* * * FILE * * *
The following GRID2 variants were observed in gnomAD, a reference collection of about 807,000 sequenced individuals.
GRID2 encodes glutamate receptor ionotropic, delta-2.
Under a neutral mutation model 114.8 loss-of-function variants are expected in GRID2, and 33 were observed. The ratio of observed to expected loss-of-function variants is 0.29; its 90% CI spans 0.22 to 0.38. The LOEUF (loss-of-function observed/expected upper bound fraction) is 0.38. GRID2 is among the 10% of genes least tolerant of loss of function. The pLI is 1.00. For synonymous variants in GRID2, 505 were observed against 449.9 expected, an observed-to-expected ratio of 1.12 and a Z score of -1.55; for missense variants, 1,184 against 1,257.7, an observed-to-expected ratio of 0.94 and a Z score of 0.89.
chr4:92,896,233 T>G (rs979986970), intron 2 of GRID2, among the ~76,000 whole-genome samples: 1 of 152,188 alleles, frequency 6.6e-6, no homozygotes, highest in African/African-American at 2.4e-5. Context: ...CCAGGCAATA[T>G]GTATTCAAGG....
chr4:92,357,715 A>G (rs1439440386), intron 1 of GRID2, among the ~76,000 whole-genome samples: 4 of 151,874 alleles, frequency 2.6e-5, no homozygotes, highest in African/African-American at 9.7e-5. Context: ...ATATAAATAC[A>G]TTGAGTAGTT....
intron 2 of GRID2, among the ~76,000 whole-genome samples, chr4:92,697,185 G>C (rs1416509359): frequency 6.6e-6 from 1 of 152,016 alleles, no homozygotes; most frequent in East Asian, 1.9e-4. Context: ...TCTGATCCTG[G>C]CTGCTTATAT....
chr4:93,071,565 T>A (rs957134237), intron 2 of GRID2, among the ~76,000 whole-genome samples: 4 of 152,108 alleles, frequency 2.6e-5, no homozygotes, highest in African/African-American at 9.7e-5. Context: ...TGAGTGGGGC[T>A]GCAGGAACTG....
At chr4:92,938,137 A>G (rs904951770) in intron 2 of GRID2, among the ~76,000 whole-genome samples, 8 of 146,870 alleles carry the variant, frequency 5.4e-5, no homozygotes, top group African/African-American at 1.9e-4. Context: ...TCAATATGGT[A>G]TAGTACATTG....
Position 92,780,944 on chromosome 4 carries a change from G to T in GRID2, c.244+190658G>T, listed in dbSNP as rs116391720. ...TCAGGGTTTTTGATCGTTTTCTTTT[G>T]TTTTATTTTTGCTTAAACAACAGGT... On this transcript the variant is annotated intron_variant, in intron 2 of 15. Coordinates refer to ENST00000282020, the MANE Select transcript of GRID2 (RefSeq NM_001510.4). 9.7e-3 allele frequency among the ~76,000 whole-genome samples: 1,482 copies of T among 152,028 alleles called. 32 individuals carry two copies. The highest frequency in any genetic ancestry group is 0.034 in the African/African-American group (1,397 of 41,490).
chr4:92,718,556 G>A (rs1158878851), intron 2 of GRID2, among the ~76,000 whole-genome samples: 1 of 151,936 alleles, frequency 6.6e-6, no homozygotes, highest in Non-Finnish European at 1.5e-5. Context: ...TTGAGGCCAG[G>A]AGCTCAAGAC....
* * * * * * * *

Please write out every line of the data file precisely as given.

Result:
The following GRID2 variants were observed in gnomAD, a reference collection of about 807,000 sequenced individuals.
GRID2 encodes glutamate receptor ionotropic, delta-2.
Under a neutral mutation model 114.8 loss-of-function variants are expected in GRID2, and 33 were observed. The ratio of observed to expected loss-of-function variants is 0.29; its 90% CI spans 0.22 to 0.38. The LOEUF (loss-of-function observed/expected upper bound fraction) is 0.38. GRID2 is among the 10% of genes least tolerant of loss of function. The pLI is 1.00. For synonymous variants in GRID2, 505 were observed against 449.9 expected, an observed-to-expected ratio of 1.12 and a Z score of -1.55; for missense variants, 1,184 against 1,257.7, an observed-to-expected ratio of 0.94 and a Z score of 0.89.
chr4:92,896,233 T>G (rs979986970), intron 2 of GRID2, among the ~76,000 whole-genome samples: 1 of 152,188 alleles, frequency 6.6e-6, no homozygotes, highest in African/African-American at 2.4e-5. Context: ...CCAGGCAATA[T>G]GTATTCAAGG....
chr4:92,357,715 A>G (rs1439440386), intron 1 of GRID2, among the ~76,000 whole-genome samples: 4 of 151,874 alleles, frequency 2.6e-5, no homozygotes, highest in African/African-American at 9.7e-5. Context: ...ATATAAATAC[A>G]TTGAGTAGTT....
intron 2 of GRID2, among the ~76,000 whole-genome samples, chr4:92,697,185 G>C (rs1416509359): frequency 6.6e-6 from 1 of 152,016 alleles, no homozygotes; most frequent in East Asian, 1.9e-4. Context: ...TCTGATCCTG[G>C]CTGCTTATAT....
chr4:93,071,565 T>A (rs957134237), intron 2 of GRID2, among the ~76,000 whole-genome samples: 4 of 152,108 alleles, frequency 2.6e-5, no homozygotes, highest in African/African-American at 9.7e-5. Context: ...TGAGTGGGGC[T>A]GCAGGAACTG....
At chr4:92,938,137 A>G (rs904951770) in intron 2 of GRID2, among the ~76,000 whole-genome samples, 8 of 146,870 alleles carry the variant, frequency 5.4e-5, no homozygotes, top group African/African-American at 1.9e-4. Context: ...TCAATATGGT[A>G]TAGTACATTG....
Position 92,780,944 on chromosome 4 carries a change from G to T in GRID2, c.244+190658G>T, listed in dbSNP as rs116391720. ...TCAGGGTTTTTGATCGTTTTCTTTT[G>T]TTTTATTTTTGCTTAAACAACAGGT... On this transcript the variant is annotated intron_variant, in intron 2 of 15. Coordinates refer to ENST00000282020, the MANE Select transcript of GRID2 (RefSeq NM_001510.4). 9.7e-3 allele frequency among the ~76,000 whole-genome samples: 1,482 copies of T among 152,028 alleles called. 32 individuals carry two copies. The highest frequency in any genetic ancestry group is 0.034 in the African/African-American group (1,397 of 41,490).
chr4:92,718,556 G>A (rs1158878851), intron 2 of GRID2, among the ~76,000 whole-genome samples: 1 of 151,936 alleles, frequency 6.6e-6, no homozygotes, highest in Non-Finnish European at 1.5e-5. Context: ...TTGAGGCCAG[G>A]AGCTCAAGAC....